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You might remember recently I wondered why in the world the county’s pension board would bizarrely open up a discussion about the alleged conflicts of interest of one of its members. After all, the majority of the board is conflicted and it’s never bothered them before.

Seems I’m not alone. County Counsel John Sansone produced a legal opinion reaffirming his stance that Supervisor Dianne Jacob should be allowed to participate in the retirement system’s discussions about whether to end the practice of paying defined health care benefits to retired county employees.

He was refuting the retirement system’s chief counsel, Regina Petty, who had advised the board that Jacob was conflicted. This shouldn’t be hard to do. After all, Jacob has a screaming conflict of interest sitting on that board. But the constitution of the board has chosen to ignore that.

The choice is simple: If the county pension board wants to crack down on conflicts of interest, it’d have to go the whole way. The board, as it’s currently set up, is loaded with conflicts of interest. On this very issue, in fact, six of the nine members of the board will vote on maintaining or getting rid of benefits that they may collect themselves.

Petty had the unenviable challenge of avoiding that discussion while still trying to argue that one of the board members — Jacob — had a particularly intolerable conflict of interest. When you’re forced to dance like that, you are going to produce some pretty weak stuff. And that’s exactly what Petty conjured up.

Sansone’s not really dancing. He decided to throw this point in one of the footnotes of his latest missive.

We note that at present, in addition to a County Supervisor, there are four Retirement Board members who are active members of the retirement system and one retired member. All of these members could be perceived to have conflicts of interest. Although the Political Reform Act does not regard their interest in their salary and pension as income, §§ 82030(b)(2); 82030(b)(11), adoption of the Chief Counsel’s rather vague standard of “perception of impropriety” would lead logically to the conclusion that these five members are also disqualified from voting on matters related to the Resolution, or for that matter on anything involving the retiree health care benefit program.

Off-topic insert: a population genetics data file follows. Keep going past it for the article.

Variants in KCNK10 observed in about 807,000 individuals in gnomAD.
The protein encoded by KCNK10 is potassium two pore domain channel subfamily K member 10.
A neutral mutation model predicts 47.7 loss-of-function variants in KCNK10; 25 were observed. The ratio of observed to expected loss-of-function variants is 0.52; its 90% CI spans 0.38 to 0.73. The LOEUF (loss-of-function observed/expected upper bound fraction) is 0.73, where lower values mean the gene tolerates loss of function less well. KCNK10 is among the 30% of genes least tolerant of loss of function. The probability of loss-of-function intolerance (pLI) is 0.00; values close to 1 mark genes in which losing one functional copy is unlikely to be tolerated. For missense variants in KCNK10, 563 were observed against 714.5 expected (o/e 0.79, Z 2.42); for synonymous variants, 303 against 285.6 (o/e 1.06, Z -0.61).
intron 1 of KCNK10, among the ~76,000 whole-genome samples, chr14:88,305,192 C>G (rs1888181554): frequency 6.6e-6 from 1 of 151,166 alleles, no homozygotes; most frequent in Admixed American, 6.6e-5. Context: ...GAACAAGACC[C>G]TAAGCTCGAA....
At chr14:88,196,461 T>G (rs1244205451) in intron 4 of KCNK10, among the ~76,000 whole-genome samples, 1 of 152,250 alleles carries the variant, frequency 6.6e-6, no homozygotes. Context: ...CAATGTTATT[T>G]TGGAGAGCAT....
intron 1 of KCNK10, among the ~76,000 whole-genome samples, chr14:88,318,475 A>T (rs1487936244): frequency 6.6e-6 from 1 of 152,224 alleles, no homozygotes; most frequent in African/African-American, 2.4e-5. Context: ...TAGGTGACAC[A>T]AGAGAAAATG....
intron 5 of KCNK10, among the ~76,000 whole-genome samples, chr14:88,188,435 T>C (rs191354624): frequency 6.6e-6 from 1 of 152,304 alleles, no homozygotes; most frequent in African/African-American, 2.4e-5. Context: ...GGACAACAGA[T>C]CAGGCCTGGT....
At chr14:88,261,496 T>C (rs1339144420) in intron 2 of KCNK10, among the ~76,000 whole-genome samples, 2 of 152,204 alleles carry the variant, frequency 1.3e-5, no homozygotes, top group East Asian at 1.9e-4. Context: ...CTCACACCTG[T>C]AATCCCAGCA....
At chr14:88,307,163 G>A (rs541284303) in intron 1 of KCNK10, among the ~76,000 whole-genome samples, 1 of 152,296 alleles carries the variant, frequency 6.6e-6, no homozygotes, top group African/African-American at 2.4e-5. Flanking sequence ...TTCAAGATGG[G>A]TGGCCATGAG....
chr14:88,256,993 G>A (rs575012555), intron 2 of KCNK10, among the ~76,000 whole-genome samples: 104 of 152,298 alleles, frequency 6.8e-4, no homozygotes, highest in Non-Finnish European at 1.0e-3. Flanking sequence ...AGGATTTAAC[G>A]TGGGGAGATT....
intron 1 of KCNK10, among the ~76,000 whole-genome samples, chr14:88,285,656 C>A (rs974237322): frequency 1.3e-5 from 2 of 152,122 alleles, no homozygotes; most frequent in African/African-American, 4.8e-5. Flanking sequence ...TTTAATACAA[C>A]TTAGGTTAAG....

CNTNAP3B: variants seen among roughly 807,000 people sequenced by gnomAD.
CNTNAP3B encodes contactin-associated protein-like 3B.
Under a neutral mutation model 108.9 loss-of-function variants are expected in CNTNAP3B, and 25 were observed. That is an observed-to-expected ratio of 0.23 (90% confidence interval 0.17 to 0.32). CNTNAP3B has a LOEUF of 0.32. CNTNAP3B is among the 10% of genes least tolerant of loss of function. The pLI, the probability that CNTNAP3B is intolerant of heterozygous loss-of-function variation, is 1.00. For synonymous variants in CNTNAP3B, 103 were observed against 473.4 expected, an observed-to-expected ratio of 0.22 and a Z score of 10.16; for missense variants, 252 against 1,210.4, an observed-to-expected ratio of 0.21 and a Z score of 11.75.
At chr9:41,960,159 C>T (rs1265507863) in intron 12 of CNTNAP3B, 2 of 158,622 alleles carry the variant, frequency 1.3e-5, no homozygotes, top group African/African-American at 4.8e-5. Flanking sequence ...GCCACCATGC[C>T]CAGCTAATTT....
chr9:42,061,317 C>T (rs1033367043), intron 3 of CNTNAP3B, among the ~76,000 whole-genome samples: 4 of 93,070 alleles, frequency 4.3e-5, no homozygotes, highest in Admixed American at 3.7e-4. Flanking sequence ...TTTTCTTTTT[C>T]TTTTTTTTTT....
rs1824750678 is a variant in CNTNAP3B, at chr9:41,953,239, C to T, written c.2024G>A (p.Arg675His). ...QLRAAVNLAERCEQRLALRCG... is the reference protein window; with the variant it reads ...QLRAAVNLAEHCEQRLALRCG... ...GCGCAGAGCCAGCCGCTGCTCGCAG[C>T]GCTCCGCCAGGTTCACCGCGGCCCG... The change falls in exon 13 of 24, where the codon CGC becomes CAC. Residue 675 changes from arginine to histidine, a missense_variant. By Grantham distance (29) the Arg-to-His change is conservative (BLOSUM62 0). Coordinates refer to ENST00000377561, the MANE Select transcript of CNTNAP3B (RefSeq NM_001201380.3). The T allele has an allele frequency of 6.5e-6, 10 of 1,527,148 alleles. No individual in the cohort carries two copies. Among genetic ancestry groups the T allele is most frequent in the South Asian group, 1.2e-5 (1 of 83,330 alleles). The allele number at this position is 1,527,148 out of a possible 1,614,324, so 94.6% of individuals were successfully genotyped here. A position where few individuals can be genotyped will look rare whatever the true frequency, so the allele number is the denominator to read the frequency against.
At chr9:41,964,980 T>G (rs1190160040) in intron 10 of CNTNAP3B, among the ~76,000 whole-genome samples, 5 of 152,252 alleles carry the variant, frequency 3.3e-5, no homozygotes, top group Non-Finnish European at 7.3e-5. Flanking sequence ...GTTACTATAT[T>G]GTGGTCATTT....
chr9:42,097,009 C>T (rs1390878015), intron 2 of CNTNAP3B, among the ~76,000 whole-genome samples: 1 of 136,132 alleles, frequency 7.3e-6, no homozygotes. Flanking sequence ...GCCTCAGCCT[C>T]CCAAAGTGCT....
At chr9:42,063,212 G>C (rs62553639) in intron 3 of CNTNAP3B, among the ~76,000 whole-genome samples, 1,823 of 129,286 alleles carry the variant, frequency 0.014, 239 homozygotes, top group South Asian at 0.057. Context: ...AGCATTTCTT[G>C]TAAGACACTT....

I talked to Jacob the other day about this legal dust up. Her opinion of Petty’s latest legal work for the retirement board isn’t all that high. But I wanted to ask her about a point worth keeping in mind. The retirement system’s lawyer has spoken. Regardless of the weaknesses of her argument, isn’t it going to be pretty difficult for members of the retirement system’s board of directors to ignore or disregard?

“I understand the dilemma, but after reading the two opinions, I think it’s pretty clear,” Jacob said. “In Regina Petty’s opinion she says there’s no legal authority that squarely addresses our situation. Then she says, but ‘in my judgment,’ this is how it is. It will be up to each board member whether her opinion has the weight of the law behind it or whether the one from John Sansone does.”

I still say there’s a third option: the board could recognize the folly of allowing any county employee to vote on their own benefit levels and demand that all of them recuse themselves from this discussion. But that’s just crazy talk I guess.

  • P.S. While I had Jacob on the phone, I asked her what she thought about the state’s move to hold three elections in 2008. She wasn’t too enthused:

“Three elections in nine months is ridiculous. There’s no guarantee that the state is ever going to pay us back the $12 million it will cost to hold the extra election. If they want to move the presidential primary to February, they should do it but move all the primaries to February as well and save us the extra cost and hassle of another election.”

SCOTT LEWIS

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